Friday, January 14, 2011
A big problem with studying the Pleistocene Sahul continent is the paucity of organized scholarship addressing it all. It really needs a center dedicated to the subject.
I have already concluded that what is the Sahul is a remnant evolved from the age of reptiles in a unique manner that provided a successor population radically different from the rest of the Earth. Kangaroos make all that obvious but also hides it.
The Pleistocene ended mostly 10,000 to 12,000 years ago. As a direct result, most of
desertified wiping out a
tropical continuum that reached far into the continent and made conditions
impossible for large reptiles. The
flooding of the Australia Asturias Sea and Carpentian
Gulf eliminated most of a huge
rainforest leaving a residue and refugia mostly in . Yet this loss is incredibly recent. That means a host of reptiles had a good
chance to remain in various refugia out of sight and out of mind. Papua New Guinea
There is no gap of millions of years and we have aboriginal art depicting both theropods and apathosaurs. I suspect that we simply do not know how to look and their home range is simply far too intimidating.
Yet we even have reports of sightings of pterosaurs.
And just how far has a kangaroo evolved from an upright reptile. Did Tyrannosaurus Rex hop after his prey?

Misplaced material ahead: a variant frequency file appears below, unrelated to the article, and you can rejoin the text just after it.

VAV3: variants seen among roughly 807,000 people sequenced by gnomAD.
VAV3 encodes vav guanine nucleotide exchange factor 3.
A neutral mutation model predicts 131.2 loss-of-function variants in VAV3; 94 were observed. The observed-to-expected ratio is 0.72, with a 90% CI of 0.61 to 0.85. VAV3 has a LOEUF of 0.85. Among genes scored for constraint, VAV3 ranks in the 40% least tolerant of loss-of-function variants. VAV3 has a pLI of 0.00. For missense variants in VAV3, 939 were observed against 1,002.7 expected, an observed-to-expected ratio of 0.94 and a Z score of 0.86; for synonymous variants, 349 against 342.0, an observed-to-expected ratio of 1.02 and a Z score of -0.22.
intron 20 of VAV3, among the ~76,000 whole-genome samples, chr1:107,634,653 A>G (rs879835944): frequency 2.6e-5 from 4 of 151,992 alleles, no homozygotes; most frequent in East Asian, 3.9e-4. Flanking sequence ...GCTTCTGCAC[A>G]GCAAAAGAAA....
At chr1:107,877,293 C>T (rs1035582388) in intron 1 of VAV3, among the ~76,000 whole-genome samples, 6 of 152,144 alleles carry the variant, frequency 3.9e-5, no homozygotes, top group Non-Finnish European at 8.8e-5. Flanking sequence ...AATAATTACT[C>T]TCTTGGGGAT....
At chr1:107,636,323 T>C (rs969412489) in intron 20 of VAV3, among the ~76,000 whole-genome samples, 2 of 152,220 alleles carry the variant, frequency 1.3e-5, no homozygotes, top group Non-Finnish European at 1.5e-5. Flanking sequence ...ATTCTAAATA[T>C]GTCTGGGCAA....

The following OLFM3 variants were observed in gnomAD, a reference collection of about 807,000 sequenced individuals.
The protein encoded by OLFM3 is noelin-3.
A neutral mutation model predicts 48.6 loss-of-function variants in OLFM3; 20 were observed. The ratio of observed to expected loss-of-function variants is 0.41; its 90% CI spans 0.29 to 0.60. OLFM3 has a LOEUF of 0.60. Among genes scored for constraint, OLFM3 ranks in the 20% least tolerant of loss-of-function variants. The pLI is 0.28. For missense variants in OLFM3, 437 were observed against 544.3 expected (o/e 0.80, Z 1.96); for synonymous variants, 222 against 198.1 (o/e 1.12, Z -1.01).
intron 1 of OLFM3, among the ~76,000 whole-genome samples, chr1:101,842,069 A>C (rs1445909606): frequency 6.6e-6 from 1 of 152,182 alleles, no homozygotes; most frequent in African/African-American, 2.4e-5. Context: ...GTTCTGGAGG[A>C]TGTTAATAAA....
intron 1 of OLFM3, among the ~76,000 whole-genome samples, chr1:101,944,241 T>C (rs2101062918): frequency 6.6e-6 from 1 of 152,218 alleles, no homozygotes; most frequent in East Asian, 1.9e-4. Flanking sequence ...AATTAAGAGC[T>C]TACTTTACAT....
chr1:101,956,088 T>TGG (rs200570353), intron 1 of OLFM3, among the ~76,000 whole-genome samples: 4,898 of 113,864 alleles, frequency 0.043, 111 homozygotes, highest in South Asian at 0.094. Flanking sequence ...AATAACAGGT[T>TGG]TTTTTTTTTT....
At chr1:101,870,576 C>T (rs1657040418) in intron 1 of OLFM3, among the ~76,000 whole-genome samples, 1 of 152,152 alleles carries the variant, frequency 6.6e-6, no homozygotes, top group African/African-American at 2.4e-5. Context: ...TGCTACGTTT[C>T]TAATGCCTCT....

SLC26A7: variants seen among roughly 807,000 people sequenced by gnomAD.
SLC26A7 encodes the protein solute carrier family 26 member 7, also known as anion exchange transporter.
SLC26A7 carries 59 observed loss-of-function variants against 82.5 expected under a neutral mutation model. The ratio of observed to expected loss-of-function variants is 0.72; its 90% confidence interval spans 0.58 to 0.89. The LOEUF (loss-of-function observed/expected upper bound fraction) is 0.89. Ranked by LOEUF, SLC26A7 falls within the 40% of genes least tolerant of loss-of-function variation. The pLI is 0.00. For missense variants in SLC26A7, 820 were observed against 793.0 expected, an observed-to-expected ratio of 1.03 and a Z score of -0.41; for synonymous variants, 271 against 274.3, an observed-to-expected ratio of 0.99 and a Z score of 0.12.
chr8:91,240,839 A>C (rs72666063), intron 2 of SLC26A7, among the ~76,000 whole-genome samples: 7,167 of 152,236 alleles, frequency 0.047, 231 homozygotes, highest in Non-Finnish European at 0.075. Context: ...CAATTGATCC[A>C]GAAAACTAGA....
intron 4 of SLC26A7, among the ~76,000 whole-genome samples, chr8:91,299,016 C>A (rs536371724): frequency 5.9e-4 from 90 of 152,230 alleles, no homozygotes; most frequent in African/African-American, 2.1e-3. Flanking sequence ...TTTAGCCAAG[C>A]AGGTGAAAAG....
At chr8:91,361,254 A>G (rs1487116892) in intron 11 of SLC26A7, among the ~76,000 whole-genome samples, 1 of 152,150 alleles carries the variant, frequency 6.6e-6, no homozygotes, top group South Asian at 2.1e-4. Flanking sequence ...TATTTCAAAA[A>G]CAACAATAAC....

I think that the Sahul is n untapped gold mine of biological knowledge and isolated populations worth investigating.
By K. Kris Hirst, About.com Guide
Sahul is the name given to the single Pleistocene-era continent which combined
Australia with New Guinea and . At the time, the sea level was as
much as 150 meters lower than it is today; and it was separated from the other
great land mass (Sunda) by the Sahul Strait. The island in the photograph would
have been part of Sahul. Tasmania
Archaeologists care about this ancient continental shift because to get the Sahul populated, people had to actively work at getting there from the Sunda (in other words, they had to have boats or rafts and were likely to intend getting there). Currently, there are two theories about when this happened: 60,000 or 40,000 years ago. Scholars do agree that there are sites in Australia that date to at least 40,000 years ago, including Devil's Lair, Lake Mungo, Nauwalabila, and Malakunanja. The O'Connell and Allen paper listed below is an excellent review of the recent considerations.
This glossary entry is part of the About.com Guide to Populating Australia and the Dictionary of Archaeology.
O'Connell, James F. and Jim Allen 2004 Dating the colonization of Sahul (Pleistocene
Australia-- ): A
review of recent research. Journal
of Archaeological Science31:835-853. New Guinea